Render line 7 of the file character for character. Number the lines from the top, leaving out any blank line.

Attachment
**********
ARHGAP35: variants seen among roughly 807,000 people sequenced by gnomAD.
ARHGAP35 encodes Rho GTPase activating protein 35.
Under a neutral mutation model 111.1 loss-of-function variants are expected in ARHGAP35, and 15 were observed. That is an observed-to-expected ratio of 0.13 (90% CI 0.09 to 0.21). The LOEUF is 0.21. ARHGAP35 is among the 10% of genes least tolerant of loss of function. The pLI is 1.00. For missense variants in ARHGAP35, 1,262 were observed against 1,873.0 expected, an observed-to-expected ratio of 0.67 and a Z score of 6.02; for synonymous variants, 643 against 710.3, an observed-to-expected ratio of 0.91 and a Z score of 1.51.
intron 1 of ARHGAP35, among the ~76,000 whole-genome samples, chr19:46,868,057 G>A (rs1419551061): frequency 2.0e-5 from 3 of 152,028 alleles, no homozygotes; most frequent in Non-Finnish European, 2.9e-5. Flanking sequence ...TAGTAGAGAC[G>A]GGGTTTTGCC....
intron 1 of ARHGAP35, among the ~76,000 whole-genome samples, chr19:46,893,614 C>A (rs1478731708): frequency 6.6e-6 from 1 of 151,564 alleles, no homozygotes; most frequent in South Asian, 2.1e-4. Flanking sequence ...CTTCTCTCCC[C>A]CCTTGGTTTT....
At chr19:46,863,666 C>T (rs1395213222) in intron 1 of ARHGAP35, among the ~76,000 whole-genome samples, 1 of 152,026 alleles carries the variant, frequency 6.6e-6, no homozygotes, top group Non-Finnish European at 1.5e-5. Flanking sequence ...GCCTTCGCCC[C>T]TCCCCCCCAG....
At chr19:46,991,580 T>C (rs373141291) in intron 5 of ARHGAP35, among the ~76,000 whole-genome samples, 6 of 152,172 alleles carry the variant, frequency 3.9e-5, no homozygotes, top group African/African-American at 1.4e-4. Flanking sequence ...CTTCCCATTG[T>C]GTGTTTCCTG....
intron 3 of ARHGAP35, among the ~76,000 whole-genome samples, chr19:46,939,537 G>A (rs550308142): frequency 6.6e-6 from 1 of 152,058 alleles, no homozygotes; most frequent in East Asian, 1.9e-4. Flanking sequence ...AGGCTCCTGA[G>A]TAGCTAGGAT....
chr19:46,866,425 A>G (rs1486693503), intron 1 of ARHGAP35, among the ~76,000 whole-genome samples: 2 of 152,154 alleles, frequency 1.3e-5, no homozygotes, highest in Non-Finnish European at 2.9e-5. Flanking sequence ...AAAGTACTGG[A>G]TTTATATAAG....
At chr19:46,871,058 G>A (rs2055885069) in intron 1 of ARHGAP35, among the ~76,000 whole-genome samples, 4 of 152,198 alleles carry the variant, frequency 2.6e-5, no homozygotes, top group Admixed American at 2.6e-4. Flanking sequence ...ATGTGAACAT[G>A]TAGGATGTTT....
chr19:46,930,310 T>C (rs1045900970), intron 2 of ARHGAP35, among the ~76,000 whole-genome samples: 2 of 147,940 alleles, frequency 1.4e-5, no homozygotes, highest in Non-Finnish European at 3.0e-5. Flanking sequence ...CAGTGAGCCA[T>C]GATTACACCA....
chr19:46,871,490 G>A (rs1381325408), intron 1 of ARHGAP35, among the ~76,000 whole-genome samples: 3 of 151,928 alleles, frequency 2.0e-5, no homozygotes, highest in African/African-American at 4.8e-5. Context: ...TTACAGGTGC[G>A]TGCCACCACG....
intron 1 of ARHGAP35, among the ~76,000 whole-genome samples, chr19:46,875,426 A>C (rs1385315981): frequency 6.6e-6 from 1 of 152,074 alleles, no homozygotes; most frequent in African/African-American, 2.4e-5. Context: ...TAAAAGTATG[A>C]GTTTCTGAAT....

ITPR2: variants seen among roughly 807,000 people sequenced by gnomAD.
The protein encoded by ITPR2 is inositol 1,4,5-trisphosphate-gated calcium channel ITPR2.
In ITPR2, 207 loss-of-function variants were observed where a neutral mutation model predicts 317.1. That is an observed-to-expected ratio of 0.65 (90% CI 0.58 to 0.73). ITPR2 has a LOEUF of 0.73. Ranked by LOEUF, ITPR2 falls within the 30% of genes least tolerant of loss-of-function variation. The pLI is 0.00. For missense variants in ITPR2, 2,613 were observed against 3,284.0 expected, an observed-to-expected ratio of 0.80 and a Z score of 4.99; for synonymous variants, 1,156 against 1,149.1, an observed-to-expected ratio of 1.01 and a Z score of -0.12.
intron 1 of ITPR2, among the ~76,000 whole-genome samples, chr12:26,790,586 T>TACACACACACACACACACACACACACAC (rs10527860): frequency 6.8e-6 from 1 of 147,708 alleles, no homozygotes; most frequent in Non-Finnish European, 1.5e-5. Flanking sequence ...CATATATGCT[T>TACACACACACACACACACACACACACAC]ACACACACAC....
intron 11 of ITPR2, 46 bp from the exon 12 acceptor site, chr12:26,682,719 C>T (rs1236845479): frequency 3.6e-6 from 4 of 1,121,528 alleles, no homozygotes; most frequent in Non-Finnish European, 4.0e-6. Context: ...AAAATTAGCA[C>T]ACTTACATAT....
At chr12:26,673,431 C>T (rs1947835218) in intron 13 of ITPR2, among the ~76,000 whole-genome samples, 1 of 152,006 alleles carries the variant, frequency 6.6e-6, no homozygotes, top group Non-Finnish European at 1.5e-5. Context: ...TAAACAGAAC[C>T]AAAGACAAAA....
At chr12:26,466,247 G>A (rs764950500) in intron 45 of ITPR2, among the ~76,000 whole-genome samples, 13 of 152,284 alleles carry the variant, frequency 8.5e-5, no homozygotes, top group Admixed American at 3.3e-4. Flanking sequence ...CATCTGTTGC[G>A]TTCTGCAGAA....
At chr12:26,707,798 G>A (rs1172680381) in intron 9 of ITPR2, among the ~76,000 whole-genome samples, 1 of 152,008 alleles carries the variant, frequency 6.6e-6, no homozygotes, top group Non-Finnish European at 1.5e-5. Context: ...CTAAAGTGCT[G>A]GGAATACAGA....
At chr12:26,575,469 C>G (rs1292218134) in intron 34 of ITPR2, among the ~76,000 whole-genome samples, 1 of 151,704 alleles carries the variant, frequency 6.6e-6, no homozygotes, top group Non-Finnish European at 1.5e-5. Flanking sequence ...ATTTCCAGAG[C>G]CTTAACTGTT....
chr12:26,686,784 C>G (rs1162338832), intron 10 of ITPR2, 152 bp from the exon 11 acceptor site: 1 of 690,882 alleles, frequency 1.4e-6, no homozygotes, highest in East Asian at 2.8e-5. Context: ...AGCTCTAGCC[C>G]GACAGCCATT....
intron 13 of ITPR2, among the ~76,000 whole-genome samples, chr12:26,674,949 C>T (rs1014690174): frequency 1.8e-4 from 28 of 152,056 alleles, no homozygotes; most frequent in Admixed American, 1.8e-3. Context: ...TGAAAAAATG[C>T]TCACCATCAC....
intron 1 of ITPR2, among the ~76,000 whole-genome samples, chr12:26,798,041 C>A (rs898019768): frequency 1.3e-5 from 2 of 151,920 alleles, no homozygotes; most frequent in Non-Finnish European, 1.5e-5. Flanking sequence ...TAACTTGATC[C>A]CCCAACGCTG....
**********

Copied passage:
At chr19:46,991,580 T>C (rs373141291) in intron 5 of ARHGAP35, among the ~76,000 whole-genome samples, 6 of 152,172 alleles carry the variant, frequency 3.9e-5, no homozygotes, top group African/African-American at 1.4e-4. Flanking sequence ...CTTCCCATTG[T>C]GTGTTTCCTG....